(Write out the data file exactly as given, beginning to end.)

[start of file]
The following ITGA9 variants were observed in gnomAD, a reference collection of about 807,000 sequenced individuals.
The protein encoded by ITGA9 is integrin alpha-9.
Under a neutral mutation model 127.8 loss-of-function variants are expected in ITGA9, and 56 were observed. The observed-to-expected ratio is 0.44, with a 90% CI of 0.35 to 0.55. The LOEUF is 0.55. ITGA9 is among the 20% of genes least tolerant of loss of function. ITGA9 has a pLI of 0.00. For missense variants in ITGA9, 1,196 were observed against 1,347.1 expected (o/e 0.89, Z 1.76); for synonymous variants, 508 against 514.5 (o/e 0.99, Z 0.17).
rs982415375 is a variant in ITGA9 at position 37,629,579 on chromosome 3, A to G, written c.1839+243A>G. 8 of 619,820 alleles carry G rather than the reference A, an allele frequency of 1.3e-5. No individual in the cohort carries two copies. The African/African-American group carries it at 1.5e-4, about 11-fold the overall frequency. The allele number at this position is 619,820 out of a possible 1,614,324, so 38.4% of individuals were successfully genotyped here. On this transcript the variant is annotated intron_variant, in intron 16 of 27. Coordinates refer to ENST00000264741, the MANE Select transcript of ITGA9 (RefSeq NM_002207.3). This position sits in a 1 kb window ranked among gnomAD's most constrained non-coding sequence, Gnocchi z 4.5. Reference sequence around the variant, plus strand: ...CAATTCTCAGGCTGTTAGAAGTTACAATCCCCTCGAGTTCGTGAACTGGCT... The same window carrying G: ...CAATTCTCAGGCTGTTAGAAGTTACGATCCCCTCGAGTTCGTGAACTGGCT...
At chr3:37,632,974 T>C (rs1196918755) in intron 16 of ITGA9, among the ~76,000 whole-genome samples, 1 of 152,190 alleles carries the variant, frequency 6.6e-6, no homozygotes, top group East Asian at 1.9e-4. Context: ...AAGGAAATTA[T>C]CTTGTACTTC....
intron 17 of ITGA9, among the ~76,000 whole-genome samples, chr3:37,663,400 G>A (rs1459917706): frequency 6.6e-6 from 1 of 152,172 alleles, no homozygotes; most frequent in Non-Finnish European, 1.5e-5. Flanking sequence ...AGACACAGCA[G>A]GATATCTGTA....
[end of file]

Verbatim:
The following ITGA9 variants were observed in gnomAD, a reference collection of about 807,000 sequenced individuals.
The protein encoded by ITGA9 is integrin alpha-9.
Under a neutral mutation model 127.8 loss-of-function variants are expected in ITGA9, and 56 were observed. The observed-to-expected ratio is 0.44, with a 90% CI of 0.35 to 0.55. The LOEUF is 0.55. ITGA9 is among the 20% of genes least tolerant of loss of function. ITGA9 has a pLI of 0.00. For missense variants in ITGA9, 1,196 were observed against 1,347.1 expected (o/e 0.89, Z 1.76); for synonymous variants, 508 against 514.5 (o/e 0.99, Z 0.17).
rs982415375 is a variant in ITGA9 at position 37,629,579 on chromosome 3, A to G, written c.1839+243A>G. 8 of 619,820 alleles carry G rather than the reference A, an allele frequency of 1.3e-5. No individual in the cohort carries two copies. The African/African-American group carries it at 1.5e-4, about 11-fold the overall frequency. The allele number at this position is 619,820 out of a possible 1,614,324, so 38.4% of individuals were successfully genotyped here. On this transcript the variant is annotated intron_variant, in intron 16 of 27. Coordinates refer to ENST00000264741, the MANE Select transcript of ITGA9 (RefSeq NM_002207.3). This position sits in a 1 kb window ranked among gnomAD's most constrained non-coding sequence, Gnocchi z 4.5. Reference sequence around the variant, plus strand: ...CAATTCTCAGGCTGTTAGAAGTTACAATCCCCTCGAGTTCGTGAACTGGCT... The same window carrying G: ...CAATTCTCAGGCTGTTAGAAGTTACGATCCCCTCGAGTTCGTGAACTGGCT...
At chr3:37,632,974 T>C (rs1196918755) in intron 16 of ITGA9, among the ~76,000 whole-genome samples, 1 of 152,190 alleles carries the variant, frequency 6.6e-6, no homozygotes, top group East Asian at 1.9e-4. Context: ...AAGGAAATTA[T>C]CTTGTACTTC....
intron 17 of ITGA9, among the ~76,000 whole-genome samples, chr3:37,663,400 G>A (rs1459917706): frequency 6.6e-6 from 1 of 152,172 alleles, no homozygotes; most frequent in Non-Finnish European, 1.5e-5. Flanking sequence ...AGACACAGCA[G>A]GATATCTGTA....